Four “Persistent Gaps” In Elizabeth Warren’s Story About Her Heritage
This weekend, Elizabeth Warren made a feeble attempt to explain away why she has often falsely claimed Native American heritage, sitting down with the Boston Globe for an extensive interview ahead of an inevitable presidential campaign. Globe reporter Annie Linskey points out Warren’s inability to remember details about significant moments throughout her professional career.
The interview also demonstrates Warren’s shifting story about her heritage. In April 2012, Warren said she had no idea that Harvard touted her Native American heritage in the 1990s. The next month, she said, “Being Native American has been part of my story … since the day I was born.” Now she claims that she only started to claim Native American status in the late 1980s when her mother’s relatives began to pass away and she was trying to adjust to life on the East Coast.
Warren told Linskey she couldn’t remember the specific conversations where she instructed the University of Pennsylvania law school to switch her ethnicity from “white” to “Native American”:
Warren, as she has in prior interviews, said that she does not remember telling Penn to change her ethnicity on their forms. “I can’t recall specific conversations,” Warren said. “The best I can do is tell you the overall. There is no one thing that stands out in that time period.”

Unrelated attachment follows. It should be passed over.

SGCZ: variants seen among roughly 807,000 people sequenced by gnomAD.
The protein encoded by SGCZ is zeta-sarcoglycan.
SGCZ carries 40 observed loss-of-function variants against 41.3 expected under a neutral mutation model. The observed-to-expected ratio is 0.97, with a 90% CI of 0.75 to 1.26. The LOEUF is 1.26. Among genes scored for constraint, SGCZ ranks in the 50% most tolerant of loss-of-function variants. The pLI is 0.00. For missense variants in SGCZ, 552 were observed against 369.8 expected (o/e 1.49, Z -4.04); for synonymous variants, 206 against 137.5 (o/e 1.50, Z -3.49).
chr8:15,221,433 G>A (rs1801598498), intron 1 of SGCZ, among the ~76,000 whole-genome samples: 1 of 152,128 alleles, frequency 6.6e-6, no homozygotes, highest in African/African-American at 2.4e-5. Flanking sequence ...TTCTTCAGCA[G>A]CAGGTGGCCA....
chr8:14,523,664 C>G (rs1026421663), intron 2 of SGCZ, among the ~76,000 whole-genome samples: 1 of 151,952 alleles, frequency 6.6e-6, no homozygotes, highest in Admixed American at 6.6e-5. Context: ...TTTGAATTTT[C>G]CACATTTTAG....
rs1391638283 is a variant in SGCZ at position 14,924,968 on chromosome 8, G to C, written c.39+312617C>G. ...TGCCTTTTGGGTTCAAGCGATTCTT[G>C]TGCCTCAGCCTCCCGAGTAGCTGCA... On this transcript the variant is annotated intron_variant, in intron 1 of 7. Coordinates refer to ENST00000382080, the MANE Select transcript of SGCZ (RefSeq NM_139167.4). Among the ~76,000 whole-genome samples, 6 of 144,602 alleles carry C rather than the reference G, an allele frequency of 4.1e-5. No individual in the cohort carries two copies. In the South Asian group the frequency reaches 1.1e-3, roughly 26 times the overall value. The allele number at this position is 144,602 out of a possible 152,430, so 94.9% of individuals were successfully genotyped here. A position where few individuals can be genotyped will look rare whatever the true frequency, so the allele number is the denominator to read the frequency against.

In one of the most important career advances of her life, getting the opportunity to become a full-time professor at Harvard Law School, Warren shockingly couldn’t remember any details about the offer:
And, remarkably, Warren doesn’t even remember getting the offer. “I guess it should have been a big moment,” Warren said, reflecting on her inability to recall the details.
Warren also had trouble explaining whether her claims of Native American heritage may have hurt Harvard’s attempts to diversify its faculty:
Harvard Law School also used Warren’s ethnicity internally in December 1995 to bolster the case that they didn’t need to hire more minorities (even though publicly the law school continued to pledge support for diversity). … Warren doesn’t have a direct answer for whether her claims — even though they do not appear to have benefited her during her professional rise — might have harmed the efforts of others to press for more diversity at the overwhelmingly white institution.
At the end of the article, the Globe concluded that Warren had “persistent gaps in her memory about the specific decisions to list herself as Native American.”